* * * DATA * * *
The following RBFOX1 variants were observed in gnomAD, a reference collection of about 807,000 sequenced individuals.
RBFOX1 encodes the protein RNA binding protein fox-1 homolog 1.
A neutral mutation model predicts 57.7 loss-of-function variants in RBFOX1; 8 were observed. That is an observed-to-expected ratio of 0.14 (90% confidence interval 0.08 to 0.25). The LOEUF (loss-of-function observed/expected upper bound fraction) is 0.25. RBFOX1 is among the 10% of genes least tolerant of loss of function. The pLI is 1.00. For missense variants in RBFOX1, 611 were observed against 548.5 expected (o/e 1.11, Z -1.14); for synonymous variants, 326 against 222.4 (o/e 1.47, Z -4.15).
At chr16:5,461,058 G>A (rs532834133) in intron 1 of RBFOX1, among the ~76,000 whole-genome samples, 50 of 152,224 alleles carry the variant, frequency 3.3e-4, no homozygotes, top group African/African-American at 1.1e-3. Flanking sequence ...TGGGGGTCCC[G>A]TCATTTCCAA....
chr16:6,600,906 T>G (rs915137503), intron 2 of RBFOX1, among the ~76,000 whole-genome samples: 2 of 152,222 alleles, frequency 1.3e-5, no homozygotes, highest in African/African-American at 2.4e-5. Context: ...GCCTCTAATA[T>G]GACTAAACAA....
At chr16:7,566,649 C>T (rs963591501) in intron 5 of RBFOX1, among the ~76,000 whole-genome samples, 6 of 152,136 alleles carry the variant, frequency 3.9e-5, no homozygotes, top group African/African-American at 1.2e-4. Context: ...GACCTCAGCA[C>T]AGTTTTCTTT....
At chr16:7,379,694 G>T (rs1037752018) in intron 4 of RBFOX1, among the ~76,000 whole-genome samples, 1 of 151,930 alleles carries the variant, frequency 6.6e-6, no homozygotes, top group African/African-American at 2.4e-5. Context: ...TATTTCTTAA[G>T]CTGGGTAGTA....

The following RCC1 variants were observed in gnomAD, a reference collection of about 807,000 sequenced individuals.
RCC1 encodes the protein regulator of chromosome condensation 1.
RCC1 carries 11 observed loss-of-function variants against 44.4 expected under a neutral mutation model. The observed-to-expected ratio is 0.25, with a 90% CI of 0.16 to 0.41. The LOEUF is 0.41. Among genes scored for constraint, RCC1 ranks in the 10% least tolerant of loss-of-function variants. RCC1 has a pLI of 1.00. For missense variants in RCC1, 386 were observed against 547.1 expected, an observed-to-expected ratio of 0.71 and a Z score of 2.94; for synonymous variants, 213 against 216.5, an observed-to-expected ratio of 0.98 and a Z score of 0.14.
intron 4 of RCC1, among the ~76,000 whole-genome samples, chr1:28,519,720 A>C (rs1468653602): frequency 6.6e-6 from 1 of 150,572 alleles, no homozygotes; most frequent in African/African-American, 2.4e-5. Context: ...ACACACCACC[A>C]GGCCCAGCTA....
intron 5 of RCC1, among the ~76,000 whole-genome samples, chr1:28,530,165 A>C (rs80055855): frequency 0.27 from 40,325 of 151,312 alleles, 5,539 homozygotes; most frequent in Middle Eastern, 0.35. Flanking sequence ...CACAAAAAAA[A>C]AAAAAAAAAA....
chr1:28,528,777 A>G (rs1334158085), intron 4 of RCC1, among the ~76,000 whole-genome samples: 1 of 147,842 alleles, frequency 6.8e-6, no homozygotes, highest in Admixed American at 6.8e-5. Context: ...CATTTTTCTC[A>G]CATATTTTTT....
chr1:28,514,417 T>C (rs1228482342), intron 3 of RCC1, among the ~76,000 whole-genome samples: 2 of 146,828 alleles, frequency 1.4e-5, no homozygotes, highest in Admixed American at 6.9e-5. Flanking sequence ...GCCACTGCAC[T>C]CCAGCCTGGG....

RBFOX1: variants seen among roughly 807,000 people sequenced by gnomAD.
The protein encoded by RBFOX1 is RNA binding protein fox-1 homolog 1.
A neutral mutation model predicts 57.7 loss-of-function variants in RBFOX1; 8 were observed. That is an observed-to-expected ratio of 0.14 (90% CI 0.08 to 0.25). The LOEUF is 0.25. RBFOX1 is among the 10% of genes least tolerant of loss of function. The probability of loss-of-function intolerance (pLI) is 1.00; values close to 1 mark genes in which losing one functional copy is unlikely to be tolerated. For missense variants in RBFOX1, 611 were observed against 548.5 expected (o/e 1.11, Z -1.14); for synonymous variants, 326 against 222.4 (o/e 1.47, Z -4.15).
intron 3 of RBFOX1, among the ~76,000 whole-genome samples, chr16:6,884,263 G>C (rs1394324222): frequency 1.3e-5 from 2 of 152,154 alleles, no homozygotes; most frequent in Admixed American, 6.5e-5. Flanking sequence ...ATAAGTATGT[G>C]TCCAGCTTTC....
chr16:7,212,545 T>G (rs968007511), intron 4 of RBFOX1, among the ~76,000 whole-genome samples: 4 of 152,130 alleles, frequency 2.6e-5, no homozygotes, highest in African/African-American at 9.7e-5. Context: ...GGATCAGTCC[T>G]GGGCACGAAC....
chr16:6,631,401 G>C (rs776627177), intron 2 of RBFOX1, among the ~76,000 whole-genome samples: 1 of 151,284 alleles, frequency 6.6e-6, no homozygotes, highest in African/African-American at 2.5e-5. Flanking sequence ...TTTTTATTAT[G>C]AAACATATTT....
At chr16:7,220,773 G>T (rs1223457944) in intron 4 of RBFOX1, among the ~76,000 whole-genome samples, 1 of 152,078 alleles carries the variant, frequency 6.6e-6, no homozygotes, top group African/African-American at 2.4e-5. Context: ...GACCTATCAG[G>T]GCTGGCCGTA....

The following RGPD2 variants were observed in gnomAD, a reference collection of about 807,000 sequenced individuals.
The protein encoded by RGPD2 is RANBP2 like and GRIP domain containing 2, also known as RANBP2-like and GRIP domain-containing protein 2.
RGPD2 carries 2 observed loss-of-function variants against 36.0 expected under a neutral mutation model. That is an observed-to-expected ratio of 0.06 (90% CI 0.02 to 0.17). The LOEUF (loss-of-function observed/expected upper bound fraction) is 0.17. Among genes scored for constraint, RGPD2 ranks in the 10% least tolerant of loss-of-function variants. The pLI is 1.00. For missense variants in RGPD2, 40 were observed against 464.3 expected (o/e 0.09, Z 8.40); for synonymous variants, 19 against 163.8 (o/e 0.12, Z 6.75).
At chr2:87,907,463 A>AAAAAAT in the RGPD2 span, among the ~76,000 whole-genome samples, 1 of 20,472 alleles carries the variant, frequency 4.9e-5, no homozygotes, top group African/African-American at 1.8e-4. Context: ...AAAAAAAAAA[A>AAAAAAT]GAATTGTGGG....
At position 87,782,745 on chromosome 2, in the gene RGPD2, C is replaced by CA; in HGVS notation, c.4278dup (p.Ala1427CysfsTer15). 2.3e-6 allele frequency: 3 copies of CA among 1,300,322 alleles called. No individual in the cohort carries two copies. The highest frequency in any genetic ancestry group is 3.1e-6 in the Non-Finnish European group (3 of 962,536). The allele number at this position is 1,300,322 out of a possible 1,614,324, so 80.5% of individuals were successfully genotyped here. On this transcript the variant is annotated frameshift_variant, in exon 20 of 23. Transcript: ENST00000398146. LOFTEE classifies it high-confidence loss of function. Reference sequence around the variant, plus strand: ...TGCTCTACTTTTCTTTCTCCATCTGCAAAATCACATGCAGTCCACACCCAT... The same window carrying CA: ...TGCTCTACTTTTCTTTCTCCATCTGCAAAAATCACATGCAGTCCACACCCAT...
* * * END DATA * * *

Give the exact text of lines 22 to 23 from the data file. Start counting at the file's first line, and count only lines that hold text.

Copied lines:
The following RGPD2 variants were observed in gnomAD, a reference collection of about 807,000 sequenced individuals.
The protein encoded by RGPD2 is RANBP2 like and GRIP domain containing 2, also known as RANBP2-like and GRIP domain-containing protein 2.